DESCRIPTION OF THE GROUP

The research group INTERLAbAR deals with physicochemical research on ancient objects in close cooperation with archeologists, art historians and art restorers. INTERLAbAR has access to modern instrumentation and possibilities of carrying out detailed chemical research, providing high-level prevention of analyzed objects with the documentation of consequential stages of measurement. The laboratory specializes in detailed inorganic analyzes, with particular attention to non-routine studies on elemental and isotopic composition of unique objects that require non-destructive or micro-destructive treatment during measurement.


GROUP MEMBERS

Barbara Wagner D.Sc.

THE LEADER OF THE GROUP

TEAM

Luiza Kępa M.Sc.
Olga Syta M.Sc.

RESEARCH ACTIVITIES

Research conducted in the INTERLAbAR is based on interdisciplinary research projects, in which the group’s research potential can be used for:

  • understanding historical technological processes
  • identification of artistic materials
  • research on provenance of ancient objects
  • detailed chemical characteristics of analyzed objects (including averaged and local measurements and research on distribution of particular elements or isotopes present in analyzed objects).

Recent years brought about major developments in analytical and instrumental techniques, including microanalytical and surface methods in analyses of ancient objects. Therefore, the main volume of research concentrates on the development of application potential of measuring system, which consists of mass spectrometer with inductively coupled plasma and laser micro-sampling system (LA-ICP-MS).The LA-ICP-MS method enables researchers to conduct multielemental, micro-destructive measurements on the trace and ultra-trace levels of concentration in solids.This methodology allows researchers to obtain information about the composition and the structure of studied materials, which otherwise remain inaccessible. The LA-ICP-MS method is especially useful in archeometric studies, since it omits mechanical sampling and dissolving procedures, which results in minimizing the risk of sample damage.The credibility of the obtained results of the LA-ICP-MS method depends on the proper optimalization of a complex measuring system.Understanding the impact of laser energy on solids and ways of transport of obtained material to the plasma are a crucial part of this process.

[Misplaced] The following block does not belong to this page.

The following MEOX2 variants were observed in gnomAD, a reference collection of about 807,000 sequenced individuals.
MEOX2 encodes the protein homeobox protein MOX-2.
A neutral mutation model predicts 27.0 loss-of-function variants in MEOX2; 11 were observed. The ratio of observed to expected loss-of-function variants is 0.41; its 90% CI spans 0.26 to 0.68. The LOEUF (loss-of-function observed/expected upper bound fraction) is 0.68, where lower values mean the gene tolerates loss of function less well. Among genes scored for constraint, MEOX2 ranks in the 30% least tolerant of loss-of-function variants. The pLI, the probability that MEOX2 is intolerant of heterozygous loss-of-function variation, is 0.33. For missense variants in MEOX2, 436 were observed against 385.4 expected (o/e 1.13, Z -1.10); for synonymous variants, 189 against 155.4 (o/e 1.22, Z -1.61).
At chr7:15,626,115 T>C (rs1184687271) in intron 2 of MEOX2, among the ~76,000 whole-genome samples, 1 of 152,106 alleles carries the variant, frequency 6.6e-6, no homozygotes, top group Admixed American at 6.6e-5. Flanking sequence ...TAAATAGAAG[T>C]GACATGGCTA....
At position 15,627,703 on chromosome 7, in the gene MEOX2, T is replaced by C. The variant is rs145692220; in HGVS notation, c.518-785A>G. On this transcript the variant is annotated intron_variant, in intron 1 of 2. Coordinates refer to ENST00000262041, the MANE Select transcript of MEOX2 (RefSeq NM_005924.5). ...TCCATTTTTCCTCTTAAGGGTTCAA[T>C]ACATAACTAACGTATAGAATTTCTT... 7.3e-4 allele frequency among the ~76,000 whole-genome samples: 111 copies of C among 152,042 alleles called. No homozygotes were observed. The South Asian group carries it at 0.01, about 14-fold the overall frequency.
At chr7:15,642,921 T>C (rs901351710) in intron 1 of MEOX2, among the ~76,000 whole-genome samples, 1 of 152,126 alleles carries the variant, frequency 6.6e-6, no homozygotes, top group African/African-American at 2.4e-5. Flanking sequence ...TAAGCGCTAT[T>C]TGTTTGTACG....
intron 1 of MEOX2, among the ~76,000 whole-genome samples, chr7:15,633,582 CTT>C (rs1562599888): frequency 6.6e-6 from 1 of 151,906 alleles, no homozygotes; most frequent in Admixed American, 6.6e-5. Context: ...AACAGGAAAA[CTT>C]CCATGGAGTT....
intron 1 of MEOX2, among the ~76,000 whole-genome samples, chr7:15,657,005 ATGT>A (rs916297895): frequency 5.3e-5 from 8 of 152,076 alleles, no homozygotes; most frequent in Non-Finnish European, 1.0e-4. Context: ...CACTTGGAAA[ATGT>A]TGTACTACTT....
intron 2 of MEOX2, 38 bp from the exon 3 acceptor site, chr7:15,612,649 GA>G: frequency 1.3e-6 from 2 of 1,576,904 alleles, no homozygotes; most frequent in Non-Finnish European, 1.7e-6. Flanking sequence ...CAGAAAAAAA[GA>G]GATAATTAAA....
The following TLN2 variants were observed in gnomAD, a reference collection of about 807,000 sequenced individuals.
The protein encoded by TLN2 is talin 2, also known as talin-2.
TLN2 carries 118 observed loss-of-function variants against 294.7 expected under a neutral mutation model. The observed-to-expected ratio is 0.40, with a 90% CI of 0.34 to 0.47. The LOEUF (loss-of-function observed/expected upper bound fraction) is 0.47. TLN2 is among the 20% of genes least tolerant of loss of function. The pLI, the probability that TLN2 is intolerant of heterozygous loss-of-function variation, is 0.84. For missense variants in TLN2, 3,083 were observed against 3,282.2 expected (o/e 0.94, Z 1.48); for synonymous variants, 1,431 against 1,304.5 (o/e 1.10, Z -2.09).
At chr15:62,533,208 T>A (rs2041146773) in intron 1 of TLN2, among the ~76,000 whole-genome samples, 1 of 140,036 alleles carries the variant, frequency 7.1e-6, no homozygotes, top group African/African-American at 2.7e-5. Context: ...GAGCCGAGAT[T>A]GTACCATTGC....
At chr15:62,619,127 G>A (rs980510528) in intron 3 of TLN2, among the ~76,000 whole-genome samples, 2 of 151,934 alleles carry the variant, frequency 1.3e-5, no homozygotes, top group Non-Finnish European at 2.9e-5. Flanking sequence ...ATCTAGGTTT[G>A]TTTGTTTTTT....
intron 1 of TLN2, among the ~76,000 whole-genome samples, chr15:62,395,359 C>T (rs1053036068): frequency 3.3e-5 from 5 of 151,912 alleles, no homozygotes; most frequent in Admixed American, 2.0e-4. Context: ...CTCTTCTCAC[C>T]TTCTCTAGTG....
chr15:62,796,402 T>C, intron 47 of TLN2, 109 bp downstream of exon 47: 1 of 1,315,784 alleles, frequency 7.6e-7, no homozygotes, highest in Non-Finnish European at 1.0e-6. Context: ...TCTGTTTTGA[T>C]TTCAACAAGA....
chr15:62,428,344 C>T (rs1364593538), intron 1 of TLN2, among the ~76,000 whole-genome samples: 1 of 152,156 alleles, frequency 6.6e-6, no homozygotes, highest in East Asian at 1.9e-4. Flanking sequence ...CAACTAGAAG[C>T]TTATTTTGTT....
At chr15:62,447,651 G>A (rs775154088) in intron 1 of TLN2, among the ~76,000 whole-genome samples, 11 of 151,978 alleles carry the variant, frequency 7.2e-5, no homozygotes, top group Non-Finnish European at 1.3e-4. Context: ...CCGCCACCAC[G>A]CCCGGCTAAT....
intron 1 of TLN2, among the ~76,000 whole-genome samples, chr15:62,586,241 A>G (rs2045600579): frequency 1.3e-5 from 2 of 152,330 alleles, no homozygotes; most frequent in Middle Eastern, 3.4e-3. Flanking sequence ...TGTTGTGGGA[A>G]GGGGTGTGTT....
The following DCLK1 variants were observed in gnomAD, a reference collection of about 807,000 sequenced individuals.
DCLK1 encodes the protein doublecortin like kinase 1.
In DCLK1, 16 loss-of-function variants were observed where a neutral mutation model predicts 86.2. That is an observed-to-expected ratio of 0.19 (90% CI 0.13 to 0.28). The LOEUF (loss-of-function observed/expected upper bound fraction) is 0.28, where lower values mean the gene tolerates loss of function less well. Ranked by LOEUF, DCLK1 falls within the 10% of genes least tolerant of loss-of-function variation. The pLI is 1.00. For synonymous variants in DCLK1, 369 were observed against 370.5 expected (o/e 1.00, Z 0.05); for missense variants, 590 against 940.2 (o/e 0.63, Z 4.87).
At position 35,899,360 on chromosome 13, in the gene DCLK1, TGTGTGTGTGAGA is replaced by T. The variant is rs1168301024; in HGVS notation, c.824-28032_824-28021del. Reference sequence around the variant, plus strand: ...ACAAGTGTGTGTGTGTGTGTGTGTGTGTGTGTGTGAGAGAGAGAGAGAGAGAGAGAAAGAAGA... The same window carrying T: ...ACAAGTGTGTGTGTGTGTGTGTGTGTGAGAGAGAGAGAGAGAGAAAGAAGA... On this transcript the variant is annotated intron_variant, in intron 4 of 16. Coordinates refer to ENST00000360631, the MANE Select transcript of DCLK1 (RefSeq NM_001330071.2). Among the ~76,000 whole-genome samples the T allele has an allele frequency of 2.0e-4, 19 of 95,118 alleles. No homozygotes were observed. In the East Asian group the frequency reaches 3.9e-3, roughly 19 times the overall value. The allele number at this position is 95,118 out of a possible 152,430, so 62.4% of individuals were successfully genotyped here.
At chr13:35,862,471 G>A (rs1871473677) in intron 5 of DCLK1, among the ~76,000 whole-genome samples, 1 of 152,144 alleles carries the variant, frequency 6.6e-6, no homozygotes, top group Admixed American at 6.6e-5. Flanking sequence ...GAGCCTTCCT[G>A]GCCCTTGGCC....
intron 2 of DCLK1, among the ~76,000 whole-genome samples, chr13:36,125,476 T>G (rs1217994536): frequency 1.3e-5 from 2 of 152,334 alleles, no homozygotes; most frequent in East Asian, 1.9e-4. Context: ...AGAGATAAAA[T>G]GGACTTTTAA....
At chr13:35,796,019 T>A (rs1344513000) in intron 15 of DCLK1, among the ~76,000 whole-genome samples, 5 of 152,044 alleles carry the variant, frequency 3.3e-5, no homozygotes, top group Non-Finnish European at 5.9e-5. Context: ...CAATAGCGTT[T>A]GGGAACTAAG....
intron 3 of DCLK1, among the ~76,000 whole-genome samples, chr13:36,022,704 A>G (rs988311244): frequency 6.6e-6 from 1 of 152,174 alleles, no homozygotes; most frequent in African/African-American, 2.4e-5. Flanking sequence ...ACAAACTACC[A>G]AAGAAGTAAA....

Thanks to access to portable X-ray fluorescence spectrometer (p-XRF), researchers can perform multielemental measurements on large scale objects too (e.g. metal constructions, stonemasonry materials, bridges), heritage sites (e.g. monuments) and museum exhibits that cannot be transported to a laboratory and mechanical sampling may damage their physical integrity.